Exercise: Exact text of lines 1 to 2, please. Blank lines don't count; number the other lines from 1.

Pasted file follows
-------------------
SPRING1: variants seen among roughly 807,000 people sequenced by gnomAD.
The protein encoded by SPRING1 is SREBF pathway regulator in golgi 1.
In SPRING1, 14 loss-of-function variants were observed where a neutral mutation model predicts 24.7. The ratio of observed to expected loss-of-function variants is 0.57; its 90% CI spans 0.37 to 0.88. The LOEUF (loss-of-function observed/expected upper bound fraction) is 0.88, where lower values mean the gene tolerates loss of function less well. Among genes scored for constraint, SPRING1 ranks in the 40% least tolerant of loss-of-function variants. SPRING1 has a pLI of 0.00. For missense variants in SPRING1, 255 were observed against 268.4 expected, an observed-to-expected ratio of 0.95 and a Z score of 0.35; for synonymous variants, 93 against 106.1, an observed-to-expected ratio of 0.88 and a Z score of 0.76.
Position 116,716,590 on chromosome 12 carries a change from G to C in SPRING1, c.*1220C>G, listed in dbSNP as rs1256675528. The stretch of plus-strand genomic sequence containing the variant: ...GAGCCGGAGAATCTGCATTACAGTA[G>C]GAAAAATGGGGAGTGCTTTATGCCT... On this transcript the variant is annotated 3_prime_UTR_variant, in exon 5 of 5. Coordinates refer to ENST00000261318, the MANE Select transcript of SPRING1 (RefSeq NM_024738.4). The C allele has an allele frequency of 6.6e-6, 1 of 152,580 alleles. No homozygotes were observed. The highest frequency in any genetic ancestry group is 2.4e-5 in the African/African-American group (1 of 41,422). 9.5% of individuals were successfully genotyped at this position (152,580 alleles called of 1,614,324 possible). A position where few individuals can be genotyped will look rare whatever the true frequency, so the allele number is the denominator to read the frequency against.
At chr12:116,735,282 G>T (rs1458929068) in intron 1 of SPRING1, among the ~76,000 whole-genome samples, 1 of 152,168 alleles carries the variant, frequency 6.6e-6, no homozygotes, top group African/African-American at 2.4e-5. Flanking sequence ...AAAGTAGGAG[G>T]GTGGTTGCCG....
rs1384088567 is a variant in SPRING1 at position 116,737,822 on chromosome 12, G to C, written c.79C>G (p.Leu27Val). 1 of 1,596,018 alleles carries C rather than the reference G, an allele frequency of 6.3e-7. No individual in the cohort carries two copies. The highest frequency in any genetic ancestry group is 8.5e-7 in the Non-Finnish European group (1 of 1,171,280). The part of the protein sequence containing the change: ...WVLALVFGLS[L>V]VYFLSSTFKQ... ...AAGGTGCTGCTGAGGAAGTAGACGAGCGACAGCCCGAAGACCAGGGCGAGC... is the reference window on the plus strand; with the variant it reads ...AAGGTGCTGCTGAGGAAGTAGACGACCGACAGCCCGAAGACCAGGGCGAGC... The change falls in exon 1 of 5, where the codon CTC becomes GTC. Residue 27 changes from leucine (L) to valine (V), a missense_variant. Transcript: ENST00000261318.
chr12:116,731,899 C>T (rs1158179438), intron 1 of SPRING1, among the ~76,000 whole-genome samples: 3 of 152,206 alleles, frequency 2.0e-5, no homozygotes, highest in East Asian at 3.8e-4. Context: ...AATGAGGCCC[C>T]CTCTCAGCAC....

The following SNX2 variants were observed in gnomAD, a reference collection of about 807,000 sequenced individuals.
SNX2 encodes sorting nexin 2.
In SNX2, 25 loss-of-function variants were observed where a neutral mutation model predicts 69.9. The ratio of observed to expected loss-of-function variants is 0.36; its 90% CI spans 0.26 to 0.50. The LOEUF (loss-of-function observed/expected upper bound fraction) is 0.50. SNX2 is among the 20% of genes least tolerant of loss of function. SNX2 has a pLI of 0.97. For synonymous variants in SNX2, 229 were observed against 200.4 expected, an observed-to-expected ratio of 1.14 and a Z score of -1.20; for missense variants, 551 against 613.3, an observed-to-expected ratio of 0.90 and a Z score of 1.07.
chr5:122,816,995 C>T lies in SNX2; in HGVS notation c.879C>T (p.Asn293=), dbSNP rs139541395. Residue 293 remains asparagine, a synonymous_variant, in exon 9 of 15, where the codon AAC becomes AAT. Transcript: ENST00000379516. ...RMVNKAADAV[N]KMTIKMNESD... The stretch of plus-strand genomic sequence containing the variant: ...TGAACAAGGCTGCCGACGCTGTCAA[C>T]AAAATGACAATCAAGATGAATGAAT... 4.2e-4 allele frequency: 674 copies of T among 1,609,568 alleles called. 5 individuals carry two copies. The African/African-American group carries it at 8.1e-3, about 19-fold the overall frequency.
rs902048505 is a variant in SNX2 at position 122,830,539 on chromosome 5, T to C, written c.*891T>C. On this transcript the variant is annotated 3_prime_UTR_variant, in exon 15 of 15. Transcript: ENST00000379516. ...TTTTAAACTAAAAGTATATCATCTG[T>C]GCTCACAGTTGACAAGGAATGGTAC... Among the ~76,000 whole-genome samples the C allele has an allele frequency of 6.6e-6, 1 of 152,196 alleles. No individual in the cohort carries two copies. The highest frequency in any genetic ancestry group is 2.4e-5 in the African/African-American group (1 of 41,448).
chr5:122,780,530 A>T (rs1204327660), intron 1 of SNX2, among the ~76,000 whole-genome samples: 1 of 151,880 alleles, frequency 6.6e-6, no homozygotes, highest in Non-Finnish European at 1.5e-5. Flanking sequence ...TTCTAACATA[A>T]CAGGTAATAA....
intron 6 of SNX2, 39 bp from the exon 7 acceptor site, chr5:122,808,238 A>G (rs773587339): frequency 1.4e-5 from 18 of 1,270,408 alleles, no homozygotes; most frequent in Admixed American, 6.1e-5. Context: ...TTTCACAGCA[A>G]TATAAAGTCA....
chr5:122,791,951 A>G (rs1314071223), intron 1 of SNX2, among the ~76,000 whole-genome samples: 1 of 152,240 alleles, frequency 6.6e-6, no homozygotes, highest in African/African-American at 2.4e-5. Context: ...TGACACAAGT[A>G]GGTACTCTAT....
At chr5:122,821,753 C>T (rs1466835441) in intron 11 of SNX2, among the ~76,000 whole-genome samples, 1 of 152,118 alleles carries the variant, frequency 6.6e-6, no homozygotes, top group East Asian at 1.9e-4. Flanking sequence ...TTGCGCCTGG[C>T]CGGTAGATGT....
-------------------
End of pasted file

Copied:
SPRING1: variants seen among roughly 807,000 people sequenced by gnomAD.
The protein encoded by SPRING1 is SREBF pathway regulator in golgi 1.